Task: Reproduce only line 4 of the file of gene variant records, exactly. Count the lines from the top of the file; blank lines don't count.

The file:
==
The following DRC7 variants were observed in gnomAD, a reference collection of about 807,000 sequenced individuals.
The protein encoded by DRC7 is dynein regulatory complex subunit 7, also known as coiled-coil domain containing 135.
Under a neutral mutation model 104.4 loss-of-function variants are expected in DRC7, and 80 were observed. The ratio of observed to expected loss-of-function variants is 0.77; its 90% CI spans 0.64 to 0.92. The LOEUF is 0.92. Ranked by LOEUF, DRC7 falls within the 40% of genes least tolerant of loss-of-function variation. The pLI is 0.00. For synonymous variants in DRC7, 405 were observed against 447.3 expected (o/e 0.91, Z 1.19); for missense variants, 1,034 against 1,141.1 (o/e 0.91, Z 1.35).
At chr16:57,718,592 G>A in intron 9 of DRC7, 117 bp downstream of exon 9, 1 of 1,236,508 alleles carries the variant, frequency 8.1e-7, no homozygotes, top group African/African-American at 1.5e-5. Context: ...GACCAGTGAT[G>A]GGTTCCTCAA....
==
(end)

At chr16:57,718,592 G>A in intron 9 of DRC7, 117 bp downstream of exon 9, 1 of 1,236,508 alleles carries the variant, frequency 8.1e-7, no homozygotes, top group African/African-American at 1.5e-5. Context: ...GACCAGTGAT[G>A]GGTTCCTCAA....